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Gregory S. Gordon

Gregory S. Gordon is a CILRAP Research Fellow and a Professor of Law at the Chinese University of Hong Kong (CUHK) Faculty of Law, where he has served as Associate Dean and Director of the Research Postgraduates Programme. Previously, he was a tenured faculty member at the University of North Dakota School of Law and Director of its Center for Human Rights and Genocide Studies. He earned his Bachelor of Arts degree (summa cum laude) and Juris Doctor at the University of California at Berkeley. He then served as law clerk to US District Court Judge Martin Pence (D. Haw.). He has served with the Office of the Prosecutor for the International Criminal Tribunal for Rwanda, as Legal Officer and Deputy Team Leader for the landmark "Media cases", the first international post-Nuremberg prosecutions of radio and print media executives for incitement to genocide. For this work, Professor Gordon received a commendation from Attorney General Janet Reno for “Service to the United States and International Justice”. He later worked for the US Department of Justice, including the Office of Overseas Prosecutorial Development, Assistance and Training, and the Criminal Division’s Office of Special Investigations. He is a leading expert on incitement to genocide and his book Atrocity Speech Law: Foundation, Fragmentation, Fruition, proposing a new paradigm for international hate speech law, was published by Oxford University Press in 2017. In 2018, he received the Chinese University’s Research Excellence Award.

Some publications of Gregory S. Gordon:

“Atrocity Speech Law Comes of Age: The Good, The Bad and the Ugly of the International Speech Crimes Jurisprudence at the Ad Hoc Tribunals”, in Michael Scharf and Milena Sterio, (editors): The Legacy of Ad Hoc Tribunals in International Criminal Law: Assessing the ICTY’s and the ICTR’s Most Significant Legal Accomplishments, Cambridge University Press, 2018 (forthcoming).

“On the Early Release of the ‘Rwandan Goebbels’: American Free Speech Exceptionalism and the Ghost of the Nuremberg-Tokyo Commutations”, in Morten Bergsmo et al. (editors): Power in International Criminal Justice, Torkel Opsahl Academic EPublisher, Brussels, 2018 (forthcoming).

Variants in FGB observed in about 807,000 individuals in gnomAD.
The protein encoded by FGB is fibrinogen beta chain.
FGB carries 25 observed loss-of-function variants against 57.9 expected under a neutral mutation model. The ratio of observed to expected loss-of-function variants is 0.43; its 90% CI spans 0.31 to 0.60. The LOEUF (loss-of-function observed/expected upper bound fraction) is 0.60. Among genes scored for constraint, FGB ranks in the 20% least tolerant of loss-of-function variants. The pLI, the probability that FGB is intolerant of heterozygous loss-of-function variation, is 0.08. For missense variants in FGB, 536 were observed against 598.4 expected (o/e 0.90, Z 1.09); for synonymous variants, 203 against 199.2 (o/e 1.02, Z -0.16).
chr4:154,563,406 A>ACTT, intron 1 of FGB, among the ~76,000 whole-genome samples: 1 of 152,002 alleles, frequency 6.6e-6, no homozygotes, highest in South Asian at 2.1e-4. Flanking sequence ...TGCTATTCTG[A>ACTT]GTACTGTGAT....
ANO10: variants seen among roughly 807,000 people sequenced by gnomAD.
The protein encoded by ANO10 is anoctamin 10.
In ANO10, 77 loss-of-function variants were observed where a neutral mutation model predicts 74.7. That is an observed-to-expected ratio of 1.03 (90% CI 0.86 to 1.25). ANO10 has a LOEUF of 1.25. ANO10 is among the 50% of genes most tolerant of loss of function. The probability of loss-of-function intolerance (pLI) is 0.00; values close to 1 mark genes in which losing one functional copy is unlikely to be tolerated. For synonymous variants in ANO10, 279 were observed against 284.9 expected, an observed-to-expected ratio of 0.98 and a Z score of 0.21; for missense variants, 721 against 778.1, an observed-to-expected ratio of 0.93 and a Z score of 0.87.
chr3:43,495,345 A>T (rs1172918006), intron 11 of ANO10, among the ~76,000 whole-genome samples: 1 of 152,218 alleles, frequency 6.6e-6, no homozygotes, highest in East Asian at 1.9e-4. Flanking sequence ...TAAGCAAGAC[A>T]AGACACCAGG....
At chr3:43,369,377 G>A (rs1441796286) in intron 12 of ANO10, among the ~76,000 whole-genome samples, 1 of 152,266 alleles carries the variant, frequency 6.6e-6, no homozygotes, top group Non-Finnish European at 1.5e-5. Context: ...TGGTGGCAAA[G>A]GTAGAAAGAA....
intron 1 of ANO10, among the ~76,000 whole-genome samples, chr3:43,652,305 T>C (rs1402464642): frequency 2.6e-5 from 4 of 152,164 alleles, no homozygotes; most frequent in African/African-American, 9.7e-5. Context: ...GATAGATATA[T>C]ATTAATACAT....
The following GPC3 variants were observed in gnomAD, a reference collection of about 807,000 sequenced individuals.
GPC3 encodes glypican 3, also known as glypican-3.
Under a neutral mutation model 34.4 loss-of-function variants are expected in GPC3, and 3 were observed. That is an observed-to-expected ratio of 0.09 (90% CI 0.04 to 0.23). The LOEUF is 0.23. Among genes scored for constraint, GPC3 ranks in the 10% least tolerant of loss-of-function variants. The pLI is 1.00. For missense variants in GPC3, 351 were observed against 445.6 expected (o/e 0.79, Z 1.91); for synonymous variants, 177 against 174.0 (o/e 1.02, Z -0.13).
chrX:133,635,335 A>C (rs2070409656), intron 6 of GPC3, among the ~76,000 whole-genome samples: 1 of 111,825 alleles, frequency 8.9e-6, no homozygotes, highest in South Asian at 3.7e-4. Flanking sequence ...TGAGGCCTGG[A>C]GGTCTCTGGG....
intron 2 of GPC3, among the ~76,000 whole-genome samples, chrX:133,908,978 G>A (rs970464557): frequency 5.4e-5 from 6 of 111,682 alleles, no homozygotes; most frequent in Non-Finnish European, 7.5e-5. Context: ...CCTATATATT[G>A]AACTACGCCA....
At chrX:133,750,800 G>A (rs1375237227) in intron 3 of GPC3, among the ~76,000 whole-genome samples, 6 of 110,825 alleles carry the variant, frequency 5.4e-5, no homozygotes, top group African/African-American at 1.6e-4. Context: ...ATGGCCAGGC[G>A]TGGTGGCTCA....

“A Future War between the Koreas? Considering the Potential International Humanitarian Law Implications”, in Suzannah Linton and Tim McCormack (editors): 70 Years of the Geneva Conventions 1949: Perspectives on IHL from and on the Asia Pacific Region, Cambridge University Press, 2018 (forthcoming).

“Transnational Governmentality Networking: A Neo-Foucauldian Account of International Criminal Law”, in Morten Bergsmo et al. (editors): The Philosophical Foundations of International Criminal Law: Volume 1, Torkel Opsahl Academic EPublisher, Brussels, 2018 (forthcoming).

Reconceptualizing The Birth of the International Criminal Case: Creating the Office of Examining Magistrate at the ICC”, in Morten Bergsmo and Carsten Stahn (editors): Quality Control in Preliminary Examination: Volume 2, Torkel Opsahl Academic EPublisher, Brussels, 2018, pp. 255-317.

Atrocity Speech Law: Foundation, Fragmentation, Fruition, Oxford University Press, 2017, 464 pp.

“Authoritarianism and the Internet”, in Law and Social Inquiry, 2017, pp. 1-31 (co-authored with Bryan Druzin).

The Propaganda Prosecutions at Nuremberg: The Origin of Atrocity Speech Law and the Touchstone for Normative Evolution”, in Loyola-Los Angeles International and Comparative Law Review, 2017, 39(1), pp. 209-245.

International Criminal Law’s ‘Oriental Pre-Birth’: The 1894-1900 Trials of the Siamese, Ottomans and Chinese”, in Morten Bergsmo et al. (editors): The Historical Origins of International Criminal Law: Volume 3, Torkel Opsahl Academic EPublisher, Brussels, 2015, pp. 119-180.